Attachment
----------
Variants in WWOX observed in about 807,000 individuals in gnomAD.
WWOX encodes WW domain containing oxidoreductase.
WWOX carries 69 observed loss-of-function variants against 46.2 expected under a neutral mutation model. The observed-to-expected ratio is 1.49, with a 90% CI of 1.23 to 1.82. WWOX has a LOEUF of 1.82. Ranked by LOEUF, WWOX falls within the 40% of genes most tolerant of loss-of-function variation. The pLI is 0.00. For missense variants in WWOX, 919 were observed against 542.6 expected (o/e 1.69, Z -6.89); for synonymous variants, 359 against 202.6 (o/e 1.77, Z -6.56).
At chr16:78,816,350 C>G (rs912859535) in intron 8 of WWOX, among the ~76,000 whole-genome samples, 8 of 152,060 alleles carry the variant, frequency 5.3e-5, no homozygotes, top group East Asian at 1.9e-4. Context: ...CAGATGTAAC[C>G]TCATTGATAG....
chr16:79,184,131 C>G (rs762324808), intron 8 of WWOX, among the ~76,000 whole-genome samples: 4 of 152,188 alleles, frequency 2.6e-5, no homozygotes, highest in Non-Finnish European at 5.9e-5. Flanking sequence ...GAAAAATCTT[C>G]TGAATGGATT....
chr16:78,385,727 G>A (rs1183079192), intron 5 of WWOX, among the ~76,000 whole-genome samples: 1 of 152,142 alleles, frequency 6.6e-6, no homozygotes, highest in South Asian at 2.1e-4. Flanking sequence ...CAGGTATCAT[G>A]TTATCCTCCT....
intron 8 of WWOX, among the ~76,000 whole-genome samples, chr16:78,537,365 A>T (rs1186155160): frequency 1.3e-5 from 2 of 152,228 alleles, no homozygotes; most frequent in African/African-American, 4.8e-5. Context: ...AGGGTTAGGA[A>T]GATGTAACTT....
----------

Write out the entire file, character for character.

Variants in WWOX observed in about 807,000 individuals in gnomAD.
WWOX encodes WW domain containing oxidoreductase.
WWOX carries 69 observed loss-of-function variants against 46.2 expected under a neutral mutation model. The observed-to-expected ratio is 1.49, with a 90% CI of 1.23 to 1.82. WWOX has a LOEUF of 1.82. Ranked by LOEUF, WWOX falls within the 40% of genes most tolerant of loss-of-function variation. The pLI is 0.00. For missense variants in WWOX, 919 were observed against 542.6 expected (o/e 1.69, Z -6.89); for synonymous variants, 359 against 202.6 (o/e 1.77, Z -6.56).
At chr16:78,816,350 C>G (rs912859535) in intron 8 of WWOX, among the ~76,000 whole-genome samples, 8 of 152,060 alleles carry the variant, frequency 5.3e-5, no homozygotes, top group East Asian at 1.9e-4. Context: ...CAGATGTAAC[C>G]TCATTGATAG....
chr16:79,184,131 C>G (rs762324808), intron 8 of WWOX, among the ~76,000 whole-genome samples: 4 of 152,188 alleles, frequency 2.6e-5, no homozygotes, highest in Non-Finnish European at 5.9e-5. Flanking sequence ...GAAAAATCTT[C>G]TGAATGGATT....
chr16:78,385,727 G>A (rs1183079192), intron 5 of WWOX, among the ~76,000 whole-genome samples: 1 of 152,142 alleles, frequency 6.6e-6, no homozygotes, highest in South Asian at 2.1e-4. Flanking sequence ...CAGGTATCAT[G>A]TTATCCTCCT....
intron 8 of WWOX, among the ~76,000 whole-genome samples, chr16:78,537,365 A>T (rs1186155160): frequency 1.3e-5 from 2 of 152,228 alleles, no homozygotes; most frequent in African/African-American, 4.8e-5. Context: ...AGGGTTAGGA[A>T]GATGTAACTT....